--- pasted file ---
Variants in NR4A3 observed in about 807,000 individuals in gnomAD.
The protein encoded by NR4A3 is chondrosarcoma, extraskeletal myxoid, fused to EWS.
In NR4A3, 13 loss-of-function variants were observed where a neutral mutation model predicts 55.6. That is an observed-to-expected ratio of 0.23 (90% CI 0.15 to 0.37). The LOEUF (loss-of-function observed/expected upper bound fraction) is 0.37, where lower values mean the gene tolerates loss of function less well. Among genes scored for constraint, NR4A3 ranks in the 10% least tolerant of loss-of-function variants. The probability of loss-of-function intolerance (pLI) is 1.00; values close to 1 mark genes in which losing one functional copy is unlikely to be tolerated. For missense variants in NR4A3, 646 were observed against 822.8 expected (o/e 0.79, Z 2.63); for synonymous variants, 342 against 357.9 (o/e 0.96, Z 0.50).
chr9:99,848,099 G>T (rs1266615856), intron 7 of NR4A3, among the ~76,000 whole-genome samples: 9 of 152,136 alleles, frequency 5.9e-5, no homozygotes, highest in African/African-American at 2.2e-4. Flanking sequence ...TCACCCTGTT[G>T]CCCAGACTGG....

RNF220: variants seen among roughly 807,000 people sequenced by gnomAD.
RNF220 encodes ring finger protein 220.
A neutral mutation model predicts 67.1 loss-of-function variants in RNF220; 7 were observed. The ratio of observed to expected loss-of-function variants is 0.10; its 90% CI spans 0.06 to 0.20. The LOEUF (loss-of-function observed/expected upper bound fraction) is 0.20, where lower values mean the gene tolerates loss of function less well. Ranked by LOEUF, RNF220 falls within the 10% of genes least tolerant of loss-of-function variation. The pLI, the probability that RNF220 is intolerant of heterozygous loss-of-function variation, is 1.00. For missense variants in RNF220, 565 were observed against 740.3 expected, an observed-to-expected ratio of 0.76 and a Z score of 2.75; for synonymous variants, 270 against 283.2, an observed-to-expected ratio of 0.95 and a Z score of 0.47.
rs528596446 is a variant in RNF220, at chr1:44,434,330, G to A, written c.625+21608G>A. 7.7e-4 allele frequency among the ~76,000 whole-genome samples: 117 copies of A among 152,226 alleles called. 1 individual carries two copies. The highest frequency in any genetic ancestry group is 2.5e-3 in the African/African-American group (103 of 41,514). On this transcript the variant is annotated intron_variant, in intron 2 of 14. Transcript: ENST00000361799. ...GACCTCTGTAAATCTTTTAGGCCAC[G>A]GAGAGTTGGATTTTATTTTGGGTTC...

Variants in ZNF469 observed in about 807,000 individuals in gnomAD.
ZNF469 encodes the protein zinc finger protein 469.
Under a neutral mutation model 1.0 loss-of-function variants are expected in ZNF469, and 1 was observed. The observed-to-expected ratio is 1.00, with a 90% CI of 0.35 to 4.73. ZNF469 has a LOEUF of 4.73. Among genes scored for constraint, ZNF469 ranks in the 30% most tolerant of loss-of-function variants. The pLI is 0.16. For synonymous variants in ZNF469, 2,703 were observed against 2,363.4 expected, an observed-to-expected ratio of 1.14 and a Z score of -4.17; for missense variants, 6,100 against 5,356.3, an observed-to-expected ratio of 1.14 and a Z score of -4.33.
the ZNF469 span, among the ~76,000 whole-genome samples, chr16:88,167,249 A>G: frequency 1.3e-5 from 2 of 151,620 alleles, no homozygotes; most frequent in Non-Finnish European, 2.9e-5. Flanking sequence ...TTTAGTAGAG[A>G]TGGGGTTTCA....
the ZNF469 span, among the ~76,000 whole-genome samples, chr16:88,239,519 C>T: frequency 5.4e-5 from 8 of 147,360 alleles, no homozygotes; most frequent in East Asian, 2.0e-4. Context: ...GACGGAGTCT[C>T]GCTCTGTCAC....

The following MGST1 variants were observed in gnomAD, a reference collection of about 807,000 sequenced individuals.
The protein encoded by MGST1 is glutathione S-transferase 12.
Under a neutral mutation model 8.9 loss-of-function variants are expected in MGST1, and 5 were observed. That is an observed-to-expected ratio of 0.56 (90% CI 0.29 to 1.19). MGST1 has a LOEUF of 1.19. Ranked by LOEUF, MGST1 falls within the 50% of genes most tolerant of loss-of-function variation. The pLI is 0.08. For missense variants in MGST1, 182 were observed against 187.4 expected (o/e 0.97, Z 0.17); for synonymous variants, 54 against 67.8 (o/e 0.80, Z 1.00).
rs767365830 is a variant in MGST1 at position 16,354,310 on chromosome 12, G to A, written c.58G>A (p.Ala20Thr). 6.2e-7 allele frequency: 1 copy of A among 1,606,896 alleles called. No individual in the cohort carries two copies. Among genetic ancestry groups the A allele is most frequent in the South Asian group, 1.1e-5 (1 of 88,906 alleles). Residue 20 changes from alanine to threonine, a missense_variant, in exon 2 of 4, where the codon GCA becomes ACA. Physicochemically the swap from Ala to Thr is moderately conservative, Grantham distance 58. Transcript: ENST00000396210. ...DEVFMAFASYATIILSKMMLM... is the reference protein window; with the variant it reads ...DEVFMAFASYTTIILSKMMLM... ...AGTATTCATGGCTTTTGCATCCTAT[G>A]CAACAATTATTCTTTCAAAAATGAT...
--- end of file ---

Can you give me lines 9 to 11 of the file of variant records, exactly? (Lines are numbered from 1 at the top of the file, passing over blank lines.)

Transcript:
Variants in ZNF469 observed in about 807,000 individuals in gnomAD.
ZNF469 encodes the protein zinc finger protein 469.
Under a neutral mutation model 1.0 loss-of-function variants are expected in ZNF469, and 1 was observed. The observed-to-expected ratio is 1.00, with a 90% CI of 0.35 to 4.73. ZNF469 has a LOEUF of 4.73. Among genes scored for constraint, ZNF469 ranks in the 30% most tolerant of loss-of-function variants. The pLI is 0.16. For synonymous variants in ZNF469, 2,703 were observed against 2,363.4 expected, an observed-to-expected ratio of 1.14 and a Z score of -4.17; for missense variants, 6,100 against 5,356.3, an observed-to-expected ratio of 1.14 and a Z score of -4.33.